If both are equally open, all the better. In that case, begin with the left \'i^^W nostril.
You can check which nostril is dominant simply by breathing through I^y J one nostril and then the other and comparing the two flows.
3. Place your right hand so that your thumb is on the right nostril and the little and ring fingers are on the left nostril, with the index and middle fingers tucked against the ball of the thumb.
Note: According to some authorities, you should place the index and middle fingers on the spot between the eyebrows (known as the third eye). We recommend the other method if it feels comfortable to you.
4. Close the blocked nostril and, mentally counting to five, inhale gently but fully through the open nostril — don't strain (see Figure 5-7).
5. Open the blocked nostril and close the other nostril and exhale, again mentally counting to five.
6. Inhale through the same nostril to the count of five, and exhale through the opposite nostril, repeating 10 to 15 times.
As your lung capacity improves, you can make your inhalations and exhalations longer, but never force the breath. Gradually increase the overall duration of the exercise from, say, 3 minutes to 15 minutes.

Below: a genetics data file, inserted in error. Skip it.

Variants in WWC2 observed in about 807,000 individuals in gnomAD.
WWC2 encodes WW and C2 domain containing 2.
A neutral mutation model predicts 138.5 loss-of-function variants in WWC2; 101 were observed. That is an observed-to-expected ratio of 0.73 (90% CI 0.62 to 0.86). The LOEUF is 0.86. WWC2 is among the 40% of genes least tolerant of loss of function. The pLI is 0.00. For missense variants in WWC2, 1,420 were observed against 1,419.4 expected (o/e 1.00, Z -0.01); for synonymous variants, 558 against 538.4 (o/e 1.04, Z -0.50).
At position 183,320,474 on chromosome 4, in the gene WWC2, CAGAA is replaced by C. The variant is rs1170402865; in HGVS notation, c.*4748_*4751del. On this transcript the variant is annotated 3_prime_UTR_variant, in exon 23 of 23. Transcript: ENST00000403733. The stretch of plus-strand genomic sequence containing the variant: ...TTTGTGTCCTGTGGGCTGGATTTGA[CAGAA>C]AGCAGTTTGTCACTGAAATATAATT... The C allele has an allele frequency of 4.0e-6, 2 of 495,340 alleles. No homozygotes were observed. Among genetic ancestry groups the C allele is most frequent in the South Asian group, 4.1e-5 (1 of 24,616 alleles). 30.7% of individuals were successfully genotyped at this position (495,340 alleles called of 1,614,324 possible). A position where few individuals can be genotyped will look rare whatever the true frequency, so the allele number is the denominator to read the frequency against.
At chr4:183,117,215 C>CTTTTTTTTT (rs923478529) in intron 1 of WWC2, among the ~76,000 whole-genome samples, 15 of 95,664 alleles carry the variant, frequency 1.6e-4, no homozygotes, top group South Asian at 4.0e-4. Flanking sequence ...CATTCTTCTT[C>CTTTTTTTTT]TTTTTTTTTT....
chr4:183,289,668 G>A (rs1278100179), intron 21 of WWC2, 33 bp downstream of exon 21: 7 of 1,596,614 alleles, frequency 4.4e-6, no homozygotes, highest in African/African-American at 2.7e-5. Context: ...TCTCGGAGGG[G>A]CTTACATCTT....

This technique, which in Sanskrit is called shitali (pronounced sheet-ah-lee), gets its name from the cooling effect that it has on the body and the mind. Traditionally, the cooling breath is believed to remove fever, still hunger, quench thirst, and alleviate diseases of the spleen. Here's how you practice it:
1. Sit in a comfortable Yoga posture or on a chair and relax your body.
2. Curl your tongue lengthwise and let its tip protrude from your mouth as shown in Figure 5-8.
Alternate nostril breathing.
Was this article helpful?